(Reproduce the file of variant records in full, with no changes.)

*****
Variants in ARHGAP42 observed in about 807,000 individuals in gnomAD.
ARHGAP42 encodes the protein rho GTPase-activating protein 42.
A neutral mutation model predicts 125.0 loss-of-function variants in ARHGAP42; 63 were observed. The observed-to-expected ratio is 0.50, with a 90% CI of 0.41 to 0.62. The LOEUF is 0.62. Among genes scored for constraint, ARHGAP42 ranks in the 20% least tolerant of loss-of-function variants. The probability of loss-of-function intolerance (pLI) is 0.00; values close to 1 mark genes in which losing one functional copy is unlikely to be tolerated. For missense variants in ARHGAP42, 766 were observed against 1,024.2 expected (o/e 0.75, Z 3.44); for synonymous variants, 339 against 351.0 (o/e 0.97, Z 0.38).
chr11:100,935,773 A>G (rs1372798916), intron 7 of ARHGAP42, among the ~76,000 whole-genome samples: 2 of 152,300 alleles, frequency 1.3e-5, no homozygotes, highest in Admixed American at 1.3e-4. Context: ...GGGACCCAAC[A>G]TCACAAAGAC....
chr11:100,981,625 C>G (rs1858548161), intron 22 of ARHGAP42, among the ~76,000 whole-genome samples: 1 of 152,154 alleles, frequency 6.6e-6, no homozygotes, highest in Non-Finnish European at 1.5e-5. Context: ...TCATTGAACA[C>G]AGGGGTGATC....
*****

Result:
Variants in ARHGAP42 observed in about 807,000 individuals in gnomAD.
ARHGAP42 encodes the protein rho GTPase-activating protein 42.
A neutral mutation model predicts 125.0 loss-of-function variants in ARHGAP42; 63 were observed. The observed-to-expected ratio is 0.50, with a 90% CI of 0.41 to 0.62. The LOEUF is 0.62. Among genes scored for constraint, ARHGAP42 ranks in the 20% least tolerant of loss-of-function variants. The probability of loss-of-function intolerance (pLI) is 0.00; values close to 1 mark genes in which losing one functional copy is unlikely to be tolerated. For missense variants in ARHGAP42, 766 were observed against 1,024.2 expected (o/e 0.75, Z 3.44); for synonymous variants, 339 against 351.0 (o/e 0.97, Z 0.38).
chr11:100,935,773 A>G (rs1372798916), intron 7 of ARHGAP42, among the ~76,000 whole-genome samples: 2 of 152,300 alleles, frequency 1.3e-5, no homozygotes, highest in Admixed American at 1.3e-4. Context: ...GGGACCCAAC[A>G]TCACAAAGAC....
chr11:100,981,625 C>G (rs1858548161), intron 22 of ARHGAP42, among the ~76,000 whole-genome samples: 1 of 152,154 alleles, frequency 6.6e-6, no homozygotes, highest in Non-Finnish European at 1.5e-5. Context: ...TCATTGAACA[C>G]AGGGGTGATC....